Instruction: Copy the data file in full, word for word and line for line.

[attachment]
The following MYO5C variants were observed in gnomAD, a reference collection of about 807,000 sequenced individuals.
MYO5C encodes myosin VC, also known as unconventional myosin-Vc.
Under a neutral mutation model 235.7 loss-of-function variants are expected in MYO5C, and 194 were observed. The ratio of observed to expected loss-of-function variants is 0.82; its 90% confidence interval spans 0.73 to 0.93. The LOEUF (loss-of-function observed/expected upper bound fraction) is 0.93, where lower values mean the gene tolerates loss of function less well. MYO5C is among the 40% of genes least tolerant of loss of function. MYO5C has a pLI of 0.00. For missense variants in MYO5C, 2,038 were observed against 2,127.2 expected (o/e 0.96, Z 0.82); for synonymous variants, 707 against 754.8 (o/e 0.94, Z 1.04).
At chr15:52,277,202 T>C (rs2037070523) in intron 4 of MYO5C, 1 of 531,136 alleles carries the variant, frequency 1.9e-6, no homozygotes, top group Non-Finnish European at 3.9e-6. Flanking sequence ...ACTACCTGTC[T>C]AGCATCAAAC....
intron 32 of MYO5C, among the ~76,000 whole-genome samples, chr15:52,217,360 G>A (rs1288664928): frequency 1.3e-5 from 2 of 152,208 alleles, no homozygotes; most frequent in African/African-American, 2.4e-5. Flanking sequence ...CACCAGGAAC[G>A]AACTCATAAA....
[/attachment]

The following MYO5C variants were observed in gnomAD, a reference collection of about 807,000 sequenced individuals.
MYO5C encodes myosin VC, also known as unconventional myosin-Vc.
Under a neutral mutation model 235.7 loss-of-function variants are expected in MYO5C, and 194 were observed. The ratio of observed to expected loss-of-function variants is 0.82; its 90% confidence interval spans 0.73 to 0.93. The LOEUF (loss-of-function observed/expected upper bound fraction) is 0.93, where lower values mean the gene tolerates loss of function less well. MYO5C is among the 40% of genes least tolerant of loss of function. MYO5C has a pLI of 0.00. For missense variants in MYO5C, 2,038 were observed against 2,127.2 expected (o/e 0.96, Z 0.82); for synonymous variants, 707 against 754.8 (o/e 0.94, Z 1.04).
At chr15:52,277,202 T>C (rs2037070523) in intron 4 of MYO5C, 1 of 531,136 alleles carries the variant, frequency 1.9e-6, no homozygotes, top group Non-Finnish European at 3.9e-6. Flanking sequence ...ACTACCTGTC[T>C]AGCATCAAAC....
intron 32 of MYO5C, among the ~76,000 whole-genome samples, chr15:52,217,360 G>A (rs1288664928): frequency 1.3e-5 from 2 of 152,208 alleles, no homozygotes; most frequent in African/African-American, 2.4e-5. Flanking sequence ...CACCAGGAAC[G>A]AACTCATAAA....